The Mental Health Foundation has found a quarter of Scottish adults are feeling lonely
A quarter of people in Scotland have felt lonely because of coronavirus according to a major study which is tracking mental health across the pandemic.
The Mental Health Foundation – working with top universities across the UK – has conducted a major study of how lockdown and worries created by the virus is affecting people.
The research also revealed a major surge in feelings of loneliness which more than doubled across the lockdown period.
It found 24% of adults in Scotland said they feel lonely as a result of the pandemic.
When the researchers carried out its first round of the survey in March, shortly before lockdown started, 11% of Scottish adults said they had felt lonely.
Lee Knifton, director of the Mental Health Foundation Scotland, said: “The concern is that the longer the pandemic goes on for, the more feelings become long-term. The impact of long-term loneliness on mental health can be very hard to manage.
“That’s why we’re urging people to reach out to friends and family of all ages, particularly older and more vulnerable people at risk of isolation – and think about what steps we can take to help them stay connected.
“While the initial priority must be to prevent loss of life, we fear that we may be living with the mental health impacts of the coronavirus situation for many years to come. This is especially true of vulnerable groups and it is critical that governments and others are mindful of this in developing policy as we go forward.”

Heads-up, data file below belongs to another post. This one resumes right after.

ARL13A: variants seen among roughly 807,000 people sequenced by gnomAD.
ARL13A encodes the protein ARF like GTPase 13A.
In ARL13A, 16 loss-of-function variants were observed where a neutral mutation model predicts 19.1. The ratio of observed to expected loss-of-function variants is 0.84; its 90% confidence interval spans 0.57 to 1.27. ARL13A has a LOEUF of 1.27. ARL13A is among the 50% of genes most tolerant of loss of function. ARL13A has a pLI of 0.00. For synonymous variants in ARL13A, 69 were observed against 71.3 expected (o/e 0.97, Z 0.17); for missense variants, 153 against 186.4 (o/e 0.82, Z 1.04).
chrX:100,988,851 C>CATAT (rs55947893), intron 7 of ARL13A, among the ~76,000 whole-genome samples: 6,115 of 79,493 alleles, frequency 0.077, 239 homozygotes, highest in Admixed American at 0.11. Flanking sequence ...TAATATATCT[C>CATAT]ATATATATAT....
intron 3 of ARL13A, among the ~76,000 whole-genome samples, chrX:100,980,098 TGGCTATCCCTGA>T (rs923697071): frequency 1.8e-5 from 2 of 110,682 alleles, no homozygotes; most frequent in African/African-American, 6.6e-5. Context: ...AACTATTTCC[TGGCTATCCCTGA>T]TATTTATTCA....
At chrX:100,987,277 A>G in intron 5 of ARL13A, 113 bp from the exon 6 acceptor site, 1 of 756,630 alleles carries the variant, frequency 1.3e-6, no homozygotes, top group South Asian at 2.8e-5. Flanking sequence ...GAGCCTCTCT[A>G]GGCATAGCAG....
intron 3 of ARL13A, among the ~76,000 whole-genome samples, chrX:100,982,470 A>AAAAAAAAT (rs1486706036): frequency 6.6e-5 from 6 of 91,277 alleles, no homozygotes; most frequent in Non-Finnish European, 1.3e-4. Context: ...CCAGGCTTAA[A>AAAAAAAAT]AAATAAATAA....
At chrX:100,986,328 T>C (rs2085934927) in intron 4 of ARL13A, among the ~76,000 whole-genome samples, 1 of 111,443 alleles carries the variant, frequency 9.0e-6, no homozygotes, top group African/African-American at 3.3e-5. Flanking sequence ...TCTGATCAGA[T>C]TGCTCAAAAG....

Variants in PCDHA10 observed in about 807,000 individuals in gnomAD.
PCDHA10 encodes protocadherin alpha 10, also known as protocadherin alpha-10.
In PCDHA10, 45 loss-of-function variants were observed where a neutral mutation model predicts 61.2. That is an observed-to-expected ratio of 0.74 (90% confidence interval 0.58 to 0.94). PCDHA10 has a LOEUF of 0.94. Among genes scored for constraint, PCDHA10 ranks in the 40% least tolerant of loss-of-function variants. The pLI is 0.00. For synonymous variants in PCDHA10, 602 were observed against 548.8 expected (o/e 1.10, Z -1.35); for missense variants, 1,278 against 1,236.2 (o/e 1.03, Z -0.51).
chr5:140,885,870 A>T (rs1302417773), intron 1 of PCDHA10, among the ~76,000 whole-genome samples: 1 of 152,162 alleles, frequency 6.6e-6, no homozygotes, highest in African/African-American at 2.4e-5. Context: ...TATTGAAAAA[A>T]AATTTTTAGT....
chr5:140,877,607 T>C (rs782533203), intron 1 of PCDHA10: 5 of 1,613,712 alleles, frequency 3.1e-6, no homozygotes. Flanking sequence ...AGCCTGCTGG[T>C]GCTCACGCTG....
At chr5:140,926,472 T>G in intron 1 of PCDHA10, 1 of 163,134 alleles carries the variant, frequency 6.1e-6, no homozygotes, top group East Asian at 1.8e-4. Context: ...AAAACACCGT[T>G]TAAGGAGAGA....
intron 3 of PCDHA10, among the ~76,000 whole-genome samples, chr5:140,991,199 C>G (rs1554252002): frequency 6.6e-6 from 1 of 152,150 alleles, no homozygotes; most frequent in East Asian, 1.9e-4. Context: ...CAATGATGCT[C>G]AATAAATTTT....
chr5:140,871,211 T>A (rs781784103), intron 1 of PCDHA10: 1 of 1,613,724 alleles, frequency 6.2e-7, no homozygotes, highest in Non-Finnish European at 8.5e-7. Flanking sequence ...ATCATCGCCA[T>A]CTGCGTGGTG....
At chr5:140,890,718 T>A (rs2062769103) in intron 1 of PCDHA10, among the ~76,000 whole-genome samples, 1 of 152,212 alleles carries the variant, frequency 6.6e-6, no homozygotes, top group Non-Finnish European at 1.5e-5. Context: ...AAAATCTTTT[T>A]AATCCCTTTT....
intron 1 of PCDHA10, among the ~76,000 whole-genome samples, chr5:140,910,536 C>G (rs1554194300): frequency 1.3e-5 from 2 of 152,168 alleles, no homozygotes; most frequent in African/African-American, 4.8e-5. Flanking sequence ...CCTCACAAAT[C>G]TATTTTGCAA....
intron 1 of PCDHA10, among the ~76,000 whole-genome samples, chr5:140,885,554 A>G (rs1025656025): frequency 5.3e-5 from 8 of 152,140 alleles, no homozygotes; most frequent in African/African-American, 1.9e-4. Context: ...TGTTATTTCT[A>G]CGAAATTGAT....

The survey data of 1028 Scottish adults aged 18 and over was collected as part of a major UK-wide longitudinal research project entitled – Coronavirus: Mental Health and the Pandemic.
The survey was carried out on 2 and 3 April and asked people whether they had felt loneliness in the “previous two weeks”
The UK-wide project is being led by the Mental Health Foundation in partnership with the University of Strathclyde, Swansea University, University of Cambridge and Queen’s University Belfast.
The most affected group in the study were young people (18-24 years) – with more than four in ten (43%) saying they felt lonely.
The next most affected group were adults aged 35-44 with almost than one third (32%) saying they had felt loneliness as a result of coronavirus. One in six of older people aged over 55 said they felt lonely as a result of coronavirus.
The survey has been published in the same week that the Scottish Government launched a new national mental health and wellbeing campaign to help people cope during the coronavirus (COVID-19) pandemic. The Clear Your Head campaign highlights the practical things people can do to help them feel better whilst continuing to stay at home, acknowledging these are worrying and uncertain times for many.
A Scottish Government spokesperson said: “The restrictions on our lives, whilst vital, are undoubtedly tough. It is an understandable cause of anxiety for many people and we appreciate everyone’s efforts to prevent the spread of the virus.
“We should check in with people and see how they’re doing. Keeping in touch with friends and family by phone or through social media is very important at this time, particularly when you have elderly people or people self-isolating or shielding.”
“The Clear Your Head campaign highlights the practical things people can do to help them feel better whilst continuing to stay at home.”